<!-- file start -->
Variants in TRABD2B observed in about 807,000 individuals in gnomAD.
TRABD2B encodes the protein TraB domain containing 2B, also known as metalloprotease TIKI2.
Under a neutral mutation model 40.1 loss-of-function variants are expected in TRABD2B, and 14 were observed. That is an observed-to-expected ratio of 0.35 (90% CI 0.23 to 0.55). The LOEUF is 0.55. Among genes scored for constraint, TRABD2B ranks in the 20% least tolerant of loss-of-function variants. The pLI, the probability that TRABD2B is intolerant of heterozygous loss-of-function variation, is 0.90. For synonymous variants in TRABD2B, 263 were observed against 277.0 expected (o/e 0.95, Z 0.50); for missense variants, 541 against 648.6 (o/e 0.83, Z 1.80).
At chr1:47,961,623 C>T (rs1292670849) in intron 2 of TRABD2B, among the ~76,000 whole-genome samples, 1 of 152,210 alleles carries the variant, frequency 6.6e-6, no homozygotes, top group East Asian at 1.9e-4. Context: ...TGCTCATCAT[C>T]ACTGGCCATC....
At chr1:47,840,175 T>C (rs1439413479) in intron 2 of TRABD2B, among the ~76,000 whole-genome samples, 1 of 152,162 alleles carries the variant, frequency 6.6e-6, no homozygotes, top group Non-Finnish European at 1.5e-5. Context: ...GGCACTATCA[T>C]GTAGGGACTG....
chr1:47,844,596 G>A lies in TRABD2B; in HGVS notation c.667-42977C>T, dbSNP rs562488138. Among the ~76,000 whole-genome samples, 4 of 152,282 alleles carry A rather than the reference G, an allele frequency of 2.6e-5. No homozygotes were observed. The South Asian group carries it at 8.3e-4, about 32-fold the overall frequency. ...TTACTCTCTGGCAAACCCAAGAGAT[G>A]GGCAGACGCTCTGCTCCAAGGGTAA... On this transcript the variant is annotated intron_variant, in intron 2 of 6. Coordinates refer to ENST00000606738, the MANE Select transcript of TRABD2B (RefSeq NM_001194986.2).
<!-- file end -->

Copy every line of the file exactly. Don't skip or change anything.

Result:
Variants in TRABD2B observed in about 807,000 individuals in gnomAD.
TRABD2B encodes the protein TraB domain containing 2B, also known as metalloprotease TIKI2.
Under a neutral mutation model 40.1 loss-of-function variants are expected in TRABD2B, and 14 were observed. That is an observed-to-expected ratio of 0.35 (90% CI 0.23 to 0.55). The LOEUF is 0.55. Among genes scored for constraint, TRABD2B ranks in the 20% least tolerant of loss-of-function variants. The pLI, the probability that TRABD2B is intolerant of heterozygous loss-of-function variation, is 0.90. For synonymous variants in TRABD2B, 263 were observed against 277.0 expected (o/e 0.95, Z 0.50); for missense variants, 541 against 648.6 (o/e 0.83, Z 1.80).
At chr1:47,961,623 C>T (rs1292670849) in intron 2 of TRABD2B, among the ~76,000 whole-genome samples, 1 of 152,210 alleles carries the variant, frequency 6.6e-6, no homozygotes, top group East Asian at 1.9e-4. Context: ...TGCTCATCAT[C>T]ACTGGCCATC....
At chr1:47,840,175 T>C (rs1439413479) in intron 2 of TRABD2B, among the ~76,000 whole-genome samples, 1 of 152,162 alleles carries the variant, frequency 6.6e-6, no homozygotes, top group Non-Finnish European at 1.5e-5. Context: ...GGCACTATCA[T>C]GTAGGGACTG....
chr1:47,844,596 G>A lies in TRABD2B; in HGVS notation c.667-42977C>T, dbSNP rs562488138. Among the ~76,000 whole-genome samples, 4 of 152,282 alleles carry A rather than the reference G, an allele frequency of 2.6e-5. No homozygotes were observed. The South Asian group carries it at 8.3e-4, about 32-fold the overall frequency. ...TTACTCTCTGGCAAACCCAAGAGAT[G>A]GGCAGACGCTCTGCTCCAAGGGTAA... On this transcript the variant is annotated intron_variant, in intron 2 of 6. Coordinates refer to ENST00000606738, the MANE Select transcript of TRABD2B (RefSeq NM_001194986.2).